The technical development of the MR-Linac is ongoing, aiming for optimum real-time target tracking postand treatment adaptation.  Simultaneously, current MR-Linac treatment is being evaluated in trials and prospective registries. It is compared with conventional radiotherapy and other treatment modalities, such as prostatectomy in prostate cancer. [12-14] The outcomes of these studies will show the effect of MR-Linac treatment and help define its place in the treatment of prostate cancer and other (urological) malignancies.
1. Grégoire V, Guckenberger M, Haustermans K, et al. Image guidance in radiation therapy for better cure of cancer. Mol Oncol. 2020;14(7):1470. doi:10.1002/1878-0261.12751
2. Raaymakers BW, Lagendijk JJW, Overweg J, et al. Integrating a 1.5 T MRI scanner with a 6 MV accelerator: proof of concept. Phys Med Biol. 2009;54(12):N229. doi:10.1088/0031-9155/54/12/N01.
3. Klüter S. Technical design and concept of a 0.35 T MR-Linac. Clin Transl Radiat Oncol. 2019;18:98-101.doi:10.1016/J.CTRO.2019.04.007.
4. Lagendijk JJW, Raaymakers BW, van Vulpen M. The Magnetic Resonance Imaging-Linac System. Semin Radiat Oncol. 2014;24(3):207-209. doi:10.1016/j.semradonc.2014.02.009.
5. de Mol van Otterloo SR, Christodouleas JP, Blezer ELA, et al. Patterns of Care, Tolerability, and Safety of the First Cohort of Patients Treated on a Novel High-Field MR-Linac Within the MOMENTUM Study: Initial Results From a Prospective Multi-Institutional Registry. Int J Radiat Oncol Biol Phys. 2021;111(4):867-875. doi:10.1016/J.IJROBP.2021.07.003.
6. de Muinck Keizer DM, Kerkmeijer LGW, Willigenburg T, et al. Prostate intrafraction motion during the preparation and delivery of MR-guided radiotherapy sessions on a 1.5T MR-Linac. Radiother Oncol. 2020;151:88-94. doi:10.1016/j.radonc.2020.06.044.
7. Winkel D, Bol GH, Kroon PS, et al. Adaptive radiotherapy: The Elekta Unity MR-linac concept. Clin Transl Radiat Oncol. 2019;18:54-59. doi:10.1016/j.ctro.2019.04.001.
8. Westley R, Hall E, Tree A. HERMES: Delivery of a Speedy Prostate Cancer Treatment. Clin Oncol (Royal Coll Radiol (Great Britain). 2022. doi:10.1016/J.CLON.2022.01.003.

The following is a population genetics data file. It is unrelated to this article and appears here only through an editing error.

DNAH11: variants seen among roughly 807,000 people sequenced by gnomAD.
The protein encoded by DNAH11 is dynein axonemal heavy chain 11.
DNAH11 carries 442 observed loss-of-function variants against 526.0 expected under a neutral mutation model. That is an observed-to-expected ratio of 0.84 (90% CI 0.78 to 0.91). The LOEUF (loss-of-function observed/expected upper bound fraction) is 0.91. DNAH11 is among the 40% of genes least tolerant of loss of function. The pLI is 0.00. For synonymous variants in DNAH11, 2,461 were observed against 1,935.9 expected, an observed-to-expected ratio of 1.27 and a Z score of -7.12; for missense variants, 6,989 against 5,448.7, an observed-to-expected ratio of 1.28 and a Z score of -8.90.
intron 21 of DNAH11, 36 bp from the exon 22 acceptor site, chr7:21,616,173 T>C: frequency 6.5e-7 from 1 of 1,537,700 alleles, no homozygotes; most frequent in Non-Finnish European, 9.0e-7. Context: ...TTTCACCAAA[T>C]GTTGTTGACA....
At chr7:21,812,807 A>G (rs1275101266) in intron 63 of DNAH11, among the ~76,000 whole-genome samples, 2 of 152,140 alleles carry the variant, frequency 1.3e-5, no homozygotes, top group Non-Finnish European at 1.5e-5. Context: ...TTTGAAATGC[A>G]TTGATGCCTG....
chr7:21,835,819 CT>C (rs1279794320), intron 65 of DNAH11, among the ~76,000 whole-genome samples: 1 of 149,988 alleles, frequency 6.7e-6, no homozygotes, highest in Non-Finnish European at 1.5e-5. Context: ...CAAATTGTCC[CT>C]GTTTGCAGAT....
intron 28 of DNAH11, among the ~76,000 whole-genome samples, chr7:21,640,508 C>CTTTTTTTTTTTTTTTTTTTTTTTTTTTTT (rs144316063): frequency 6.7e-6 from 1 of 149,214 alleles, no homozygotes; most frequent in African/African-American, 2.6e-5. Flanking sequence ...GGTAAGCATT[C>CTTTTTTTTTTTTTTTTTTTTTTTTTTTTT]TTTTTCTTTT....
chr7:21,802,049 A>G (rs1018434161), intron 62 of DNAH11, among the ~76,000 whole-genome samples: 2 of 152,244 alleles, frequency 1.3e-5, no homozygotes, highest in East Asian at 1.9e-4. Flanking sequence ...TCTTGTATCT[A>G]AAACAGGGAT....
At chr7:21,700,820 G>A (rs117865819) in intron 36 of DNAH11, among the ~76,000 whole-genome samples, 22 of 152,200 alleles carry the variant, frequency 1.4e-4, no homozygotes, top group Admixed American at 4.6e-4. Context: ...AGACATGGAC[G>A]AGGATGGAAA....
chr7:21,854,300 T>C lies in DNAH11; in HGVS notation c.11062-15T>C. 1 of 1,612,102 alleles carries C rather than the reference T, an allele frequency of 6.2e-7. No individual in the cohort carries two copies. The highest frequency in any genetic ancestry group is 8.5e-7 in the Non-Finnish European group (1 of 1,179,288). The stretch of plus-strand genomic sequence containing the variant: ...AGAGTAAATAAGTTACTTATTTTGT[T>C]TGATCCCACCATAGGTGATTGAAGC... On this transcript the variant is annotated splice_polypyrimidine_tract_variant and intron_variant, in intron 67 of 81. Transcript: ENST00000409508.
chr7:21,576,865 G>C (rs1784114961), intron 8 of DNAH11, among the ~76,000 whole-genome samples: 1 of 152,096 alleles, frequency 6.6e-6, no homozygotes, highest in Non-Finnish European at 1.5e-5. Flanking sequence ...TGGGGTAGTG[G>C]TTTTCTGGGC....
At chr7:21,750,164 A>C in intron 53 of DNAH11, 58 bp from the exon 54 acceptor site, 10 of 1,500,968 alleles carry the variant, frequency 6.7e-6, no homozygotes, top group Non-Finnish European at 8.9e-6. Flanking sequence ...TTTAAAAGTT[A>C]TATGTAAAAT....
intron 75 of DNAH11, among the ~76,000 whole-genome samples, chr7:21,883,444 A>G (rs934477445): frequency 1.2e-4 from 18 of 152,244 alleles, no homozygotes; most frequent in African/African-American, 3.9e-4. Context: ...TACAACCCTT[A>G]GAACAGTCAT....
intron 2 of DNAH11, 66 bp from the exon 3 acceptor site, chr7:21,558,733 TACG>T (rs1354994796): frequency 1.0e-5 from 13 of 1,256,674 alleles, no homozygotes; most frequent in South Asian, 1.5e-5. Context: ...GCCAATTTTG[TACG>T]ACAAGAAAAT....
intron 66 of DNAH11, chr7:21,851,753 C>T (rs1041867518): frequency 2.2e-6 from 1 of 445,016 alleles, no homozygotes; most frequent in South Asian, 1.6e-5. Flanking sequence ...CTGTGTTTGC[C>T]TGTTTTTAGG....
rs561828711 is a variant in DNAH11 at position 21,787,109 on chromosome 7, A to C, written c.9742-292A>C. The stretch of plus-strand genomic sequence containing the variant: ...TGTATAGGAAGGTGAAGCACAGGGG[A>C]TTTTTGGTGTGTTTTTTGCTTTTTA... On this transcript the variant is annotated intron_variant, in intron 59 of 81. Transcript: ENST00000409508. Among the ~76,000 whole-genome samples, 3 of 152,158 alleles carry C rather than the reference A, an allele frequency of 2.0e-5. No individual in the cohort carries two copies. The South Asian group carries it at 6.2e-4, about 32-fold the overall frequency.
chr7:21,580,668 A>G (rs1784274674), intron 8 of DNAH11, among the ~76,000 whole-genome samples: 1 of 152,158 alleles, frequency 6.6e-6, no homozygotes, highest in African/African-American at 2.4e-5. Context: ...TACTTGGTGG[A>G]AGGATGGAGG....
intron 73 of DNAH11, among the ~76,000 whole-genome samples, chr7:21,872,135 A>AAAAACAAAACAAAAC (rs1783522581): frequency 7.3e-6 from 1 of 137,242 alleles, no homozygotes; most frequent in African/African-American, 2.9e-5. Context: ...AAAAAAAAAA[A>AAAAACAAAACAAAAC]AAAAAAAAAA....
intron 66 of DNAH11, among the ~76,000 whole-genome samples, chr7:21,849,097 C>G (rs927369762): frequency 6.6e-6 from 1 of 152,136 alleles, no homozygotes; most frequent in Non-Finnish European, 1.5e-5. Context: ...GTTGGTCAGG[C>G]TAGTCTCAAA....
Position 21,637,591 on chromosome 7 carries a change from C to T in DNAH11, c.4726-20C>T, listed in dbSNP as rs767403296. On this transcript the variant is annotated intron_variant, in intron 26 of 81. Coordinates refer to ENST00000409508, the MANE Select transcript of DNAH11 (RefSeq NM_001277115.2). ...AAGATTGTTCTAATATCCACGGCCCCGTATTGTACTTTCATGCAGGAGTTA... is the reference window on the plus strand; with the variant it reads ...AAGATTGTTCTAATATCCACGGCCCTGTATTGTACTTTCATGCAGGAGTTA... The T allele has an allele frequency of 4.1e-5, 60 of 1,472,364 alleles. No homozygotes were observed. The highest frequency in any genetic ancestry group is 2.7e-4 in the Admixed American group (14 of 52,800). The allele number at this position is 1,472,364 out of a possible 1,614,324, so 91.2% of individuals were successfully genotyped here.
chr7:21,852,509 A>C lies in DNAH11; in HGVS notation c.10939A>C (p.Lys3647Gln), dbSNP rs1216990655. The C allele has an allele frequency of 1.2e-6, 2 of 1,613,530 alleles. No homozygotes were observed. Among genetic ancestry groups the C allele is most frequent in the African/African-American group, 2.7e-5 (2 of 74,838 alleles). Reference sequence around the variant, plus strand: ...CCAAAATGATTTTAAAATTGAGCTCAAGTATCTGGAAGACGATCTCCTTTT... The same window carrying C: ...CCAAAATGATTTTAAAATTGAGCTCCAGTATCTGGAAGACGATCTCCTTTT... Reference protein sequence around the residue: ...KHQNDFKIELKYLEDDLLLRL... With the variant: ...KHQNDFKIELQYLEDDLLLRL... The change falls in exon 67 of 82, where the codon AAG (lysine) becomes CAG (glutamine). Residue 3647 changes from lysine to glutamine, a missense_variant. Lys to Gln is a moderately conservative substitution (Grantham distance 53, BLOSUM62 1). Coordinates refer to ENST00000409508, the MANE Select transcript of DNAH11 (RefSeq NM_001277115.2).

9. Randomized Trial of Five or Two MRI-Guided Adaptive Radiotherapy Treatments for Prostate Cancer. ClinicalTrials.gov identifier: NCT04984343. Updated 30 June 2022. https://www.clinicaltrials.gov/ct2/show/NCT04984343. Accessed 28 July 2022.
10. EREctile Function Preservation for Prostate Cancer Radiation Therapy (ERECT). ClinicalTrials.gov identifier: NCT04861194. Updated 25 August 2021. https://www.clinicaltrials.gov/ct2/show/NCT04861194. Accessed 28 July 2022.
11. Pathmanathan AU, van As NJ, Kerkmeijer LGW, et al. Magnetic Resonance Imaging-Guided Adaptive Radiation Therapy: A “Game Changer” for Prostate Treatment? Int J Radiat Oncol Biol Phys. 2018;100(2):361-373. doi:10.1016/j.ijrobp.2017.10.020.
12. de Mol van Otterloo SR, Christodouleas JP, Blezer ELA, et al. The MOMENTUM Study: An International Registry for the Evidence-Based Introduction of MR-Guided Adaptive Therapy. Front Oncol. 2020;10. doi:10.3389/fonc.2020.01328.
13. Ma TM, Lamb JM, Casado M, et al. Magnetic resonance imaging-guided stereotactic body radiotherapy for prostate cancer (mirage): a phase iii randomized trial. BMC Cancer. 2021;21(1):1-13. doi:10.1186/S12885-021-08281-X/TABLES/3.
14. Teunissen FR, Willigenburg T, Meijer RP, van Melick HHE, Verkooijen HM, van der Voort van Zyp JRN. The first patient-reported outcomes from the Utrecht Prostate Cohort (UPC): the first platform facilitating “trials within cohorts” (TwiCs) for the evaluation of interventions for prostate cancer. World J Urol. July 2022. doi:10.1007/S00345-022-04092-2.
Drs. Freek Teunissen, UMC Utrecht, Dept. of Radiotherapy, Utrecht (NL), firstname.lastname@example.org